Portland, OR. The Autism Society of Oregon is helping families face pandemic challenges like upheaval in schedules, isolation, and lack of structure. The nonprofit is offering information on Covid-19 resources online:
Support is important, according to University of Michigan researchers. For children with an autism spectrum disorder, who thrive on routines and predictability, the everyday disruptions and uncertainty from the pandemic may be especially stressful. “Families who have a child with autism are facing extraordinary challenges,” says Sarah Mohiuddin, M.D., a child and adolescent psychiatrist at Michigan Medicine C.S. Mott Children’s Hospital. “People with autism feel more comfortable with routines, which can make any change a stressful event.”Here are some strategies:
1. Talk about COVID – but turn off the news
Even if a child hasn’t asked about it or is unable to, they likely have questions about coronavirus and have probably heard conversations around them. Mohiuddin recommends using social stories to explain COVID-19. This can be done using your own drawings or through videos and graphics available online through resources like Autism Speaks.
2. Re-create structure – and use visuals
Children with ASD seek familiarity so she recommends creating a daily schedule that loosely mirrors their regular school day with built-in breaks for snacks, lunch, and physical activity. But instead of making a new schedule on your own, work with children to create it. For example, ask them “do you want to have outside time before or after lunch?” or “do you want to play with Legos or playdough for creative time?”
3. Seek social outlets
Children with ASD may have difficulties with social communication and interaction. But that doesn’t mean they’re not troubled by the loss of social outlets like school and activities. Face-to-face interactions also provide them with opportunities to practice and develop social skills. “A lot of children with autism enjoy and seek out social interactions,” Mohiuddin says. Mohiuddin encourages parents to look for ways to virtually connect children and teens with relatives, classmates, and friends through virtual platforms.
4. Make screen time intentional
Experts recognize that typical screen time rules may have relaxed a bit at a time when many kids rely on devices for remote learning. But for some children, especially those who may have both autism and ADHD or sensory issues, too much screen time can also exacerbate issues like hyperactivity, trouble with sleep, and irritability.“For kids with autism, electronics can be a positive tool to connect and engage with others,” Mohiuddin says. “But there’s also the risk that too much screen time may lead to an increase in challenging behaviors. The key is to be intentional about how and when children are using devices.”
This could be 15 minutes spent playing a game, talking over a meal or interacting using toys that promote development.
5. Optimize treatment opportunities
Many typical interventions or medical appointments may not be available in the same format because of stay-at-home orders. However, a number of providers, including medical professionals, speech pathologists, and behavior therapists have transitioned to providing e-services or video visits. Speak with your providers to see what you may be eligible for.“Explore any opportunities that will help maintain the skills that your child has gained through interventions and treatments,” Mohiuddin says. “Don’t lose contact with your providers. It’s important to stay connected whether or not things are going well.”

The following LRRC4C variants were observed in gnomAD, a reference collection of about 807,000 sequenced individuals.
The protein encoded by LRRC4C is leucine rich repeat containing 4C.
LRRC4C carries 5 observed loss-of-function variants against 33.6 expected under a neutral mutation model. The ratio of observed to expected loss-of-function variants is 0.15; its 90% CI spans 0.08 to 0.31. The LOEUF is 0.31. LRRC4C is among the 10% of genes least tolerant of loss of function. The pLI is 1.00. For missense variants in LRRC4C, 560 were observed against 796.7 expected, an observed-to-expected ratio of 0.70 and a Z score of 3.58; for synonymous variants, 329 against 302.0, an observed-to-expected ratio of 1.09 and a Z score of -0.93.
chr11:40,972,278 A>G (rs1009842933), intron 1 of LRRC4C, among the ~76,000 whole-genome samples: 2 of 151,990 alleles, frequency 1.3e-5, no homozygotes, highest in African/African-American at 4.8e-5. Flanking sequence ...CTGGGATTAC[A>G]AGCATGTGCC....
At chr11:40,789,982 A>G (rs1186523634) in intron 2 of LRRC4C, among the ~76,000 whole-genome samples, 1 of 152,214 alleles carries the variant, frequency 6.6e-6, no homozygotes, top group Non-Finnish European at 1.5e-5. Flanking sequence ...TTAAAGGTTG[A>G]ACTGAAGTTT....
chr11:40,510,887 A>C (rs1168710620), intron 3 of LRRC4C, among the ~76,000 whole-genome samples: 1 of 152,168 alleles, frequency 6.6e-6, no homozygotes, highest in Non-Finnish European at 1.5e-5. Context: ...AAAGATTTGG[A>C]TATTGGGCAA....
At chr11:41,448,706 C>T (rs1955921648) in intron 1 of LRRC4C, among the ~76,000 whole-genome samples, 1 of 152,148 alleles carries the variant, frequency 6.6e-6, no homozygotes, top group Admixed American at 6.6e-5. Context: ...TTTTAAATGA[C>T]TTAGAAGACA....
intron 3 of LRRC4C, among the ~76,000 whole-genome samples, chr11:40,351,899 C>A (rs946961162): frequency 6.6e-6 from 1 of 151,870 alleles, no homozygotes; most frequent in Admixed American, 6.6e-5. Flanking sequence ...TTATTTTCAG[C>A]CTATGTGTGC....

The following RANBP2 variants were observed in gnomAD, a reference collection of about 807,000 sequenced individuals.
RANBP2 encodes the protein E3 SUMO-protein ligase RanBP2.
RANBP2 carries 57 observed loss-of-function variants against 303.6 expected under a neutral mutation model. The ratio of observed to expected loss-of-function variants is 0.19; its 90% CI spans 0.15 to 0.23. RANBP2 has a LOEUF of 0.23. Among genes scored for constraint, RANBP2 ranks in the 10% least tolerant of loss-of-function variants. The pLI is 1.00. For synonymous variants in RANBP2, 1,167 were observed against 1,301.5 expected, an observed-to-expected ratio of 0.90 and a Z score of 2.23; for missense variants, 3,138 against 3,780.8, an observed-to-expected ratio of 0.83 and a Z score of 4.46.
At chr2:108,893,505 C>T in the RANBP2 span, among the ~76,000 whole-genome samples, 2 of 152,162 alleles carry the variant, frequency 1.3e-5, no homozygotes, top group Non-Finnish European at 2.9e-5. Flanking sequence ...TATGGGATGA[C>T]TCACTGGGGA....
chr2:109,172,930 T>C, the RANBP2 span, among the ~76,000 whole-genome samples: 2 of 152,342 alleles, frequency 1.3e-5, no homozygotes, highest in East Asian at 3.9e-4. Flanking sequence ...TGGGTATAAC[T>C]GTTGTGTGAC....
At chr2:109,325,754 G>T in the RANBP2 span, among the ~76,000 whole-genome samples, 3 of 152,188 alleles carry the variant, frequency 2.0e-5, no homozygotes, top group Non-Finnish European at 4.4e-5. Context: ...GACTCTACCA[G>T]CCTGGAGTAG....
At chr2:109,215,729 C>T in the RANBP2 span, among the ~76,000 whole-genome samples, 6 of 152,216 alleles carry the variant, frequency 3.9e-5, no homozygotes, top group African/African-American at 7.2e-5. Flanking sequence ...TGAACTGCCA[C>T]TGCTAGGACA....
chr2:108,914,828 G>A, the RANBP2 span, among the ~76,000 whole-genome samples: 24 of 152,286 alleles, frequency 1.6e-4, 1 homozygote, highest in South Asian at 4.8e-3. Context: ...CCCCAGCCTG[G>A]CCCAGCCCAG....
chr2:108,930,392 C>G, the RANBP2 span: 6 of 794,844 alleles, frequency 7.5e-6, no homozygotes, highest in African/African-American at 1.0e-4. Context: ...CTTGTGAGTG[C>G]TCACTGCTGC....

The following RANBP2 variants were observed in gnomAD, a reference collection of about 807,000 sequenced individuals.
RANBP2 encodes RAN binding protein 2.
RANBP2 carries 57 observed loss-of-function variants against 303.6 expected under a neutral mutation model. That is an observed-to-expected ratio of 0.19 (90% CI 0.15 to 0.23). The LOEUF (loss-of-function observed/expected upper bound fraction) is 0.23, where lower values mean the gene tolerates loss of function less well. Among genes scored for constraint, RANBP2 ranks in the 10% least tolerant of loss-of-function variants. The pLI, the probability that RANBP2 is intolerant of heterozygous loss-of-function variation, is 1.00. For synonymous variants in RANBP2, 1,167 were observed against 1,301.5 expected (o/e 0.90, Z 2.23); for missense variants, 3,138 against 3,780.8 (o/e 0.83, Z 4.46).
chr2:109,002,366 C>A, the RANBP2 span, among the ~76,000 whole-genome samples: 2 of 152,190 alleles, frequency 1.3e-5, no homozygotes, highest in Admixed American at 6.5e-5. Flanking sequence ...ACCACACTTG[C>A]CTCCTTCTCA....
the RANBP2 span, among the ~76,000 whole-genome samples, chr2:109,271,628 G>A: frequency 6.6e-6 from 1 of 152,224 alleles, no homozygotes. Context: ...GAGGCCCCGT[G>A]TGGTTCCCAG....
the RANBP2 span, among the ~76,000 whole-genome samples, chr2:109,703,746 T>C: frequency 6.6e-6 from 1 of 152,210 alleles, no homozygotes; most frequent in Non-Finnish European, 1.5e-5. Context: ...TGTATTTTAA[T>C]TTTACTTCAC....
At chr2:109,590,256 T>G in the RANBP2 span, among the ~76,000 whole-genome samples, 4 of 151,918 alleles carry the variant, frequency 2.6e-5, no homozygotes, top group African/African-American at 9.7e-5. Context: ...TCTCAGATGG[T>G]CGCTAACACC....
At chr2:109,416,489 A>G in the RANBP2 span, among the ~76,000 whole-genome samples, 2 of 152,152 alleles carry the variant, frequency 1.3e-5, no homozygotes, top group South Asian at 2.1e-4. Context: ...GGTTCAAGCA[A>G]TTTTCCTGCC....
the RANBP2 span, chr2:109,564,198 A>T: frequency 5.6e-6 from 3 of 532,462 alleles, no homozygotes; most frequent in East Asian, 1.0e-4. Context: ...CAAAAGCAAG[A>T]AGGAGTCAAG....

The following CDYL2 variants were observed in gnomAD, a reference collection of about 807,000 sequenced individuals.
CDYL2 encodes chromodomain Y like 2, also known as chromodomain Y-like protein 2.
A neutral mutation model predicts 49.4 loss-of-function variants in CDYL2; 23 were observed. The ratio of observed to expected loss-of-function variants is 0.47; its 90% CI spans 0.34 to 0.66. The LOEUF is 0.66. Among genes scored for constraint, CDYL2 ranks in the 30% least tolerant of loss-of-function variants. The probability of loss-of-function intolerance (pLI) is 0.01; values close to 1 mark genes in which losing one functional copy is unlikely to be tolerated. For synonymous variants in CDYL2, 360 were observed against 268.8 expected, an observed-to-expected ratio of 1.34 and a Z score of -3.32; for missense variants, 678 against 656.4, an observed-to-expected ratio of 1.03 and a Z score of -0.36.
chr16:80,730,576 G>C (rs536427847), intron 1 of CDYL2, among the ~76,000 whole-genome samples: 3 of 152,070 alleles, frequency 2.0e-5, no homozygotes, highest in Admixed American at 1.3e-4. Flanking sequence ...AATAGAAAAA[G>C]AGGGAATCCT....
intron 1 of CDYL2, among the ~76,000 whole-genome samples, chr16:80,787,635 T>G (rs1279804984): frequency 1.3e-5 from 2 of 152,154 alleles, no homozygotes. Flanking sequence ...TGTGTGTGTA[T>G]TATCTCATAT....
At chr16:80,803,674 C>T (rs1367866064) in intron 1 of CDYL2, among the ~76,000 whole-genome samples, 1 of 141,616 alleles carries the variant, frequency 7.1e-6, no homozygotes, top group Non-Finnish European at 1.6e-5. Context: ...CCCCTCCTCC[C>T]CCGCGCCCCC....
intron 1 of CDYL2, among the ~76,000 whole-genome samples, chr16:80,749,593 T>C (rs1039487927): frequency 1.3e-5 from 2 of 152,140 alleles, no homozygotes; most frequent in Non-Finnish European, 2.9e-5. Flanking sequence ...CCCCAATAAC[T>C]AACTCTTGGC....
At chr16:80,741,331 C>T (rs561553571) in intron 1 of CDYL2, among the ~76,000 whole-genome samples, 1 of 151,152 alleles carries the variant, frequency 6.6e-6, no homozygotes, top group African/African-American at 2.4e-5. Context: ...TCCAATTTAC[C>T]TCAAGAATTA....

6. Don’t forget self-care
“Trying to juggle the needs of a child with autism as well as all of the other demands of managing a household, work, and other family members in the home can be challenging for caregivers,” Mohiuddin says. She recommends planning time to engage in activities that will help replenish your energy and motivation such as talking to friends, engaging in a favorite activity, or getting exercise. Also, remember to maintain sleep hygiene and proper nutrition. Caregivers should also do what they can to stay connected with their own support networks, whether that’s providers or autism parent and caregiver networks.
From The Autism Society of Oregon:
The Autism Society of Oregon is Oregon’s leading organization providing resources, education, advocacy on policy matters, and support for individuals and families living with autism.
We are committed to these core principles:
• We provide services without regard to a person’s age, race, religion, disability, gender, sexual orientation, income level, or level of need on the autism spectrum
• We strongly encourage and welcome families, professionals, and individuals living with autism with opportunities to participate in our governance, on our committees, and as staff members
• We partner with others to advance the well-being of all living with autism
• We promote individual choice and self-determination of individuals living with autism, aided by parental and guardian advocacy
• We recognize a person living with autism can and should be able to maximize his/her quality of life and oppose any denial of their opportunities
• We oppose any discrimination and harm directed towards individuals living with autism and their families